A few minutes later, when Omaha was announced as a first-time participant, a few Jayhawks in the front row looked back at Bechard and then at each other and then even held hands a little tighter.
Sure enough, Kansas was the next name up as the No. 4 seed in the region and the Jayhawks leapt out of their seats with excitement, screaming at everyone and no one all at once.
“I was just screaming,” Iowa transfer Toyosi Onabanjo said. “It didn’t hit me until everyone else started screaming. It was a great experience. I was so nervous because I had never experienced that before. My hands were sweating, they were clammy, and then when you see your name on the screen it’s just like, ‘Whooooo.’ And then to know you’re hosting on top of that is just great.”
Added fourth-year junior Parks of her immediate thoughts after seeing Kansas appear on the screen: “I think I was just in so much shock and I was just focused on (Toyosi) and trying to get our choreography down.”
They did, executing that much in the same way they execute on the court, and then the team came together for one huge group hug.
That produced Turner’s favorite part, even if she was still wiping the tears away from her smile that she said came, “accidentally.”
“I think my favorite was definitely Burny,’” she said of freshman libero Raegan Burns. “She was like, ‘My heart was beating so fast the whole time,’ and then we all just came in for a group hug and she was just so excited, little baby freshman just lit up. It was great.”
Added Onabanjo of Turner’s tears, which came during a couple of huge hugs with teammates Bryn McGehe and London Davis: “Her crying got me a little bit.”
Shortly after that group hug and a quick breakdown following a few words of congratulations from Bechard, the Jayhawks filed out of the building together.
Each one was smiling and they all walked past assistant coach Kaitlin Nielsen, who already had film of Omaha up on her laptop.
The Jayhawks (23-5) already faced Omaha once this season, sweeping them on their home floor during the second match of the season. Bechard emphasized that the Mavericks, which got in by winning the Summit League, were a better team today than the one KU faced back then.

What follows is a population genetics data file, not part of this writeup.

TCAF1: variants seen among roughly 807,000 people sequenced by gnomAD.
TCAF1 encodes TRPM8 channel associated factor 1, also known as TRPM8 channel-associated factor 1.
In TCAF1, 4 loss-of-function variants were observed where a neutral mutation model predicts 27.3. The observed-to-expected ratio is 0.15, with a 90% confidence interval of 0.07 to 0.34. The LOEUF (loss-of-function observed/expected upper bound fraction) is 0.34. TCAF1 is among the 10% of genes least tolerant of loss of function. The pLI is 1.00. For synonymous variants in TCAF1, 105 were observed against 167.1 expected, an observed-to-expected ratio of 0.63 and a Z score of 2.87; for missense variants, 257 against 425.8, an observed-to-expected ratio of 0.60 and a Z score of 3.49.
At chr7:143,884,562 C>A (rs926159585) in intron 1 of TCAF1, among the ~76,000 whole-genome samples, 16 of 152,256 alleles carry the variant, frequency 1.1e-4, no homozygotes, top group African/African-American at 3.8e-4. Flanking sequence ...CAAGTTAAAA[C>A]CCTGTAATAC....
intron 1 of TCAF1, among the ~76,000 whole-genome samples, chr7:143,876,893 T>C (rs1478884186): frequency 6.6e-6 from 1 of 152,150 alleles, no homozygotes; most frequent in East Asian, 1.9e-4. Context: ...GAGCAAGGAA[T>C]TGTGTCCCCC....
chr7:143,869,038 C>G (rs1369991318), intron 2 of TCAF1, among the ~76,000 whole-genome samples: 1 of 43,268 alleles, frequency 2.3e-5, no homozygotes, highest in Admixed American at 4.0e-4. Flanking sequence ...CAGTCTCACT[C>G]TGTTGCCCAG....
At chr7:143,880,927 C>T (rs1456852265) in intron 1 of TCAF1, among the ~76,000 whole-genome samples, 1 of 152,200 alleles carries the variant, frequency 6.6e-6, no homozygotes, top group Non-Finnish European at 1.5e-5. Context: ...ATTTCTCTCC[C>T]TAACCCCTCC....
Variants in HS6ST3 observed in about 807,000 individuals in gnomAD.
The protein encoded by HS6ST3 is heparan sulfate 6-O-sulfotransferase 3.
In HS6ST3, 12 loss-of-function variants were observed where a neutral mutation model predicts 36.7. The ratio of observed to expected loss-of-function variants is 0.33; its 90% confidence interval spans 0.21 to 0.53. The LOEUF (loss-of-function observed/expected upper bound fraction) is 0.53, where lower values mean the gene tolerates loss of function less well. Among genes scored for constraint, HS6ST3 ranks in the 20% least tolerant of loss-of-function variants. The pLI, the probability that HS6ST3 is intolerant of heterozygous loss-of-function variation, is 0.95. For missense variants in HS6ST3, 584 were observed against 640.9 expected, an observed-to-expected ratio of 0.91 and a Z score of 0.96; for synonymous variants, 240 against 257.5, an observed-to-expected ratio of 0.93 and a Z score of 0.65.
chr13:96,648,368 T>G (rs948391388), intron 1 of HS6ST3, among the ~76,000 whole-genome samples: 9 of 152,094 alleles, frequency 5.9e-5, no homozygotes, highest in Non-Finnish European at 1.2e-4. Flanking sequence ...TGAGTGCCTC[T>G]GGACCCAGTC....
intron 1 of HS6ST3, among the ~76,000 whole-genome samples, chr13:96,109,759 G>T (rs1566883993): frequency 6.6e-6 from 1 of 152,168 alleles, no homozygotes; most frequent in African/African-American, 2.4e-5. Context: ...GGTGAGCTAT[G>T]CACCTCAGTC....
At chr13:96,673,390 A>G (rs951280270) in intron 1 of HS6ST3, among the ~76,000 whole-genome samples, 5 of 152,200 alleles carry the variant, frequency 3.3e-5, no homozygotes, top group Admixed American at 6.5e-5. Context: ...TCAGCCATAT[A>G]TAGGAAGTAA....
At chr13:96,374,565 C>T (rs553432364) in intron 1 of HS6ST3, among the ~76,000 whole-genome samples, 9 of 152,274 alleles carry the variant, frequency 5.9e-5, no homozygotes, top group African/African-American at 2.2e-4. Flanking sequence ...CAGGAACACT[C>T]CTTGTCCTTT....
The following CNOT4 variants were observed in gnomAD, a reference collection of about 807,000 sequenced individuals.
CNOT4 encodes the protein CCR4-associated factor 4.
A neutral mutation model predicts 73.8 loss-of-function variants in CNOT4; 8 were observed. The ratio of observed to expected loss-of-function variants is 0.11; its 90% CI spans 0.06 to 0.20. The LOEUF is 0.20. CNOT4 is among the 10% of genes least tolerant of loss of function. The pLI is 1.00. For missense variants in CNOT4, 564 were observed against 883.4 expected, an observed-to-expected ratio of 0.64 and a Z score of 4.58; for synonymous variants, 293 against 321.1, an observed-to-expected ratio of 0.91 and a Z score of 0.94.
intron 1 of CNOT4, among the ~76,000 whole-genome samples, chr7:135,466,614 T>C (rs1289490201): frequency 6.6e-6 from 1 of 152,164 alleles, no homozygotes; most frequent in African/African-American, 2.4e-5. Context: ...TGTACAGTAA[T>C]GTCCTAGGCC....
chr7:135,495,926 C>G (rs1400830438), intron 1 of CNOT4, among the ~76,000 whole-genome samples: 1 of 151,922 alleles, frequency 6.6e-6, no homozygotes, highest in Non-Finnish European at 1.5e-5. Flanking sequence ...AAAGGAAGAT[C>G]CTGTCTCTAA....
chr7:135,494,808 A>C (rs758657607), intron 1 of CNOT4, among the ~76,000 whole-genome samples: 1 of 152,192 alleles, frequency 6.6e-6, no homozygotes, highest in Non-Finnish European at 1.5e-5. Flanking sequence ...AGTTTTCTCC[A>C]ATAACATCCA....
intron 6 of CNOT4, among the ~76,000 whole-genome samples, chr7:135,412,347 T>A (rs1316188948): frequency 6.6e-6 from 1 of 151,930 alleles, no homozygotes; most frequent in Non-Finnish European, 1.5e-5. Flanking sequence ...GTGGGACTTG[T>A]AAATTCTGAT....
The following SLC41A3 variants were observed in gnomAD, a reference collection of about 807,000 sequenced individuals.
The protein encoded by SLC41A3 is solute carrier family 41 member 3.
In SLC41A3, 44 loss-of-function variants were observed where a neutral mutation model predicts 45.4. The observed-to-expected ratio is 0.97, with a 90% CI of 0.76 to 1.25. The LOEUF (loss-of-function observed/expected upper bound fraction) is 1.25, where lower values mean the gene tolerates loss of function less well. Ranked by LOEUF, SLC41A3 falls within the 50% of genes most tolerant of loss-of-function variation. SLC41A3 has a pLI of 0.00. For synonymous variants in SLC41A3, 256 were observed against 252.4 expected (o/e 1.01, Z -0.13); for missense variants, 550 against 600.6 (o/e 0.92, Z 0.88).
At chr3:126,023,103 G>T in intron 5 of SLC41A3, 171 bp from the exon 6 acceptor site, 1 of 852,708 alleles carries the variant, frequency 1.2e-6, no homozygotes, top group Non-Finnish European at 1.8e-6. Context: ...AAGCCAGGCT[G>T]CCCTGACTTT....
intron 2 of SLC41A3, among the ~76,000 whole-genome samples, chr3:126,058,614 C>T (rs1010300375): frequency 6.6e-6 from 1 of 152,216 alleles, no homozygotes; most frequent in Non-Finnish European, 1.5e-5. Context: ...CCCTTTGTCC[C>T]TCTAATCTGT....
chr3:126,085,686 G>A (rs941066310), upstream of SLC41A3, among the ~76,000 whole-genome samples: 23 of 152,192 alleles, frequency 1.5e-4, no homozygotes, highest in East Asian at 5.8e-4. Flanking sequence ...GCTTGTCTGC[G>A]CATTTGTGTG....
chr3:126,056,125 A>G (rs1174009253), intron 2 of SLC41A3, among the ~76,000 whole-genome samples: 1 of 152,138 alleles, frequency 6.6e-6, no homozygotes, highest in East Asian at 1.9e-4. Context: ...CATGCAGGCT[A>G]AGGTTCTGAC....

In fact, he thinks all four teams that are coming to town are top-quality clubs. The Jayhawks will take on Omaha at 7 p.m. Thursday, with the winner of that advancing to face the winner of Penn State-Yale at 5:30 p.m. Friday.
All three matches will be played at Horejsi, and the one team that survives will travel to the highest remaining seed on its section of the bracket for a Sweet 16 match.
Kansas has now qualified for the NCAA Tournament for three consecutive years and 12 times in program history, but the opportunity to host makes this one just a little bit sweeter.
“Freshman year, we didn’t make it, and then every year after that, Coach B’s been saying, ‘We want to host. We want to host,’” Parks said. “And now it’s real.”
The Jayhawks have hosted NCAA Tournament action five times before — twice at Allen Fieldhouse (2012 and 2013), twice at Horejsi before it was renovated (2015 and 2016) and once at the Expocentre in Topeka in 2014.
KU enters postseason play riding a 14-match home winning streak, which is the sixth longest active home winning streak in Division I volleyball.
That, too, played a big role in the Jayhawks’ excitement over bringing postseason volleyball to Lawrence.
“You can’t compare Horejsi to anything,” Turner said. “The energy, the atmosphere’s just insane. We owe everything to our fans because they make every team uncomfortable.”